When You’re Glad The Bank Isn’t Trustworthy

In the fall of 2010, Markus Persson, creator of the hit video game Minecraft found himself in a bit of a financial mess. At the time, fans of the fledgling-but-popular game purchased it through PayPal — and PayPal wasn’t used to seeing huge sums of money flow through its platform. When Persson went to withdraw the $750,000 he had amassed in his account, PayPal said no — they needed to verify that he wasn’t up to something illegal. But there are plenty of situations where funds are held indefinitely. Banks, in general, keep an eye out for criminals who are using the institution as a way to get ill-gotten gains into the normal, above-board economy. In those cases, law enforcement is contacted instead.

And then there was RHS Trust, which did the exact opposite.

RHS Trust was a bank on the small Caribbean island of Anguilla. A British overseas territory, Anguilla is home to roughly 15,000 people but still has a robust banking system; due to its very favorable tax laws, it is a great place for the very rich out there to park cash. And similarly, the government there asks few questions about where the money comes from, which is in part why RHS Trust decided to start its operations there back in 1992. Colombian drug lords were awash in cash but needed a way to launder the money — it’s hard to clean millions of dollars each week — and the people behind RHS Trust saw an opportunity. By starting a bank in Anguilla, they believed they could be the beneficiaries of these drug cartel’s laundering woes.

By 1994, the RHS Trust was up and running, taking deposits from these illicit clients. It was, as NPR reported, an intricate process: “the big Colombian cartels would send a fax saying they had cash in New York City or wherever. Someone would arrange a pickup, and the cash would be deposited in an account. [ . . . ] The money laundering world was surprisingly vast and sophisticated, with money hidden in the normal flow of international trade, in payments for things like tractor parts.” In total, the bank took in cash deposits of more than $40 million (worth about $68.5 million in today’s dollars) as well three high-end paintings (including a Picasso). If RHS Trust had shareholders, they would have considered the unscrupulous bank a financial success.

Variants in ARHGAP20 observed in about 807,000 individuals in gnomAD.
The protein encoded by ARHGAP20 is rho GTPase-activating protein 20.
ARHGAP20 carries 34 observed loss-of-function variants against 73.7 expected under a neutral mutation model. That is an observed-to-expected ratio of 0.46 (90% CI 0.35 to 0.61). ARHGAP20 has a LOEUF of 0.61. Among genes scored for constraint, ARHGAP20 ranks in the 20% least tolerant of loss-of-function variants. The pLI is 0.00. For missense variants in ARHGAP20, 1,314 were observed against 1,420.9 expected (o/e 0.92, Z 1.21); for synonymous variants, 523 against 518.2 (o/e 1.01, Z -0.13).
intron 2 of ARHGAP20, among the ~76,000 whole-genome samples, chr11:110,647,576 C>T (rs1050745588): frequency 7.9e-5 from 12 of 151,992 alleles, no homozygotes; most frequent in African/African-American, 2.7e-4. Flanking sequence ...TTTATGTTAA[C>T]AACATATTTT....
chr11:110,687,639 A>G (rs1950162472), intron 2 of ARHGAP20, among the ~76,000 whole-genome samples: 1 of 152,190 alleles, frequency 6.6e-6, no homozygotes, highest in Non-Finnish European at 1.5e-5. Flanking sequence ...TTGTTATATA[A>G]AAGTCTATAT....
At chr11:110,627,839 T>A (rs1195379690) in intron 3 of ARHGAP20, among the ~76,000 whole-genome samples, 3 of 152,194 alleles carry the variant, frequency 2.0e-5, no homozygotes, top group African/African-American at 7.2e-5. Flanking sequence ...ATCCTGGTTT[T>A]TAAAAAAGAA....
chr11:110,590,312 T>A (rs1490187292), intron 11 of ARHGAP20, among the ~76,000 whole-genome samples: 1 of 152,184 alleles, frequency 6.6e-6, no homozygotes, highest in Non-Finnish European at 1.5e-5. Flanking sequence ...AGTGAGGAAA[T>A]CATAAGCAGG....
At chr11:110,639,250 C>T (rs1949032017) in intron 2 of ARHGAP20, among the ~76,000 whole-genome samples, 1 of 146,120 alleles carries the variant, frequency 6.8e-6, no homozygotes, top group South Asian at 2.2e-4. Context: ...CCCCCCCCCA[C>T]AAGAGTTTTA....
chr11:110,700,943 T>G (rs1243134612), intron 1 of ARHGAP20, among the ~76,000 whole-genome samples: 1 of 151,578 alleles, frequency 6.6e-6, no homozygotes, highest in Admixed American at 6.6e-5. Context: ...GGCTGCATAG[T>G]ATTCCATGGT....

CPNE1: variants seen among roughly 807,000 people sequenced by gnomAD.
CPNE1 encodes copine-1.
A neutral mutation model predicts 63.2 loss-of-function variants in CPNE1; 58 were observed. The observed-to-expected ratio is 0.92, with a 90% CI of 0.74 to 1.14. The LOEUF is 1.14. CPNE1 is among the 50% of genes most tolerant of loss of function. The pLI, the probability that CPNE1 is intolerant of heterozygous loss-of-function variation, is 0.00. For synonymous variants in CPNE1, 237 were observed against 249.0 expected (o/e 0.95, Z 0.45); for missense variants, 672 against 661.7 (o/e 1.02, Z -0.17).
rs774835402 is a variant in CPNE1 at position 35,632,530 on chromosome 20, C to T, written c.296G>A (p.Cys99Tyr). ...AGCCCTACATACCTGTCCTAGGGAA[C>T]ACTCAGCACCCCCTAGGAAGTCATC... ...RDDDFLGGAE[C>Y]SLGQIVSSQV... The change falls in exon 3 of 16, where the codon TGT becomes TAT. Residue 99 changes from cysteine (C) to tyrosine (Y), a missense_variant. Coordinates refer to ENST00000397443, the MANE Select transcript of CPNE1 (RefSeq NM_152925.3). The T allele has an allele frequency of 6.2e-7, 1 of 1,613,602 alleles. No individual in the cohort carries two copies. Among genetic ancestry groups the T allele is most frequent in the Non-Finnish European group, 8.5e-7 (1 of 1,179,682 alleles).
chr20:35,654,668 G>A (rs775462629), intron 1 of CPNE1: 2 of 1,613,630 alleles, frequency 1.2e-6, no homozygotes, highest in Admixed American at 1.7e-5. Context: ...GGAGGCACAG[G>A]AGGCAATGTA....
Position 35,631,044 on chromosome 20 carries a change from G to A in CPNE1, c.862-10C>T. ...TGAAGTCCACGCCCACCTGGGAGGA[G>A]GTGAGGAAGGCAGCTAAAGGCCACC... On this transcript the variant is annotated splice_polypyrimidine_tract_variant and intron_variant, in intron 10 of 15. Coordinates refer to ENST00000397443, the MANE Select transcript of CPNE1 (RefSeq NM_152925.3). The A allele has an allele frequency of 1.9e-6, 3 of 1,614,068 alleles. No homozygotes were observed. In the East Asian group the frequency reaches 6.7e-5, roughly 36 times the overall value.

But the bank wasn’t backed by investors. In fact, it wasn’t really a bank. It was a Drug Enforcement Agency sting operation.

The ruse, called Operation Dinero, exposed previously unknown details about the underworld of the international drug trade. And it was extensive — and successful. Reported the New York Times, “undercover drug agents began promoting [the fake bank’s] services to criminal contacts in Colombia and elsewhere. Then through transactions involving loans, cashiers’ checks, wire transfers and currency exchange, officials said they were able to trace the money from Colombia and then to sources the brokers were using around in the United States, Europe and South America.”

In total, per the DEA, Operation Dinero “resulted in 88 arrests, the seizure of approximately 9 tons of cocaine, and the confiscation of well over $50 million in cash and other property.” And perhaps more importantly, as NPR further noted, it made it more difficult for the drug trade to operate in the future — it “made drug dealers wary of using banks to launder their money,” leaving cartels with fewer options to do so.

Bonus fact: Perhaps, instead of setting up a fake bank, the government should have just sent a subpoena to a real one? In 2012, according to Rolling Stone, international banking giant HSBC “admitted to laundering billions of dollars for Colombian and Mexican drug cartels.” The methods, per the magazine, were “brazen” — citing a government official, “drug dealers would sometimes come to HSBC’s Mexican branches and ‘deposit hundreds of thousands of dollars in cash, in a single day, into a single account, using boxes designed to fit the precise dimensions of the teller windows.'” HSBC was fined just under $2 billion for the crime, which sounds like a lot, but the bank could afford it: in 2012, HSBC had a net annual income of more than $13.4 billion.

From the Archives: Why the U.S. Government Really Wants Some People To Take Vacations: Vacations — they’re not just fun. They’re a fraud-detection technique.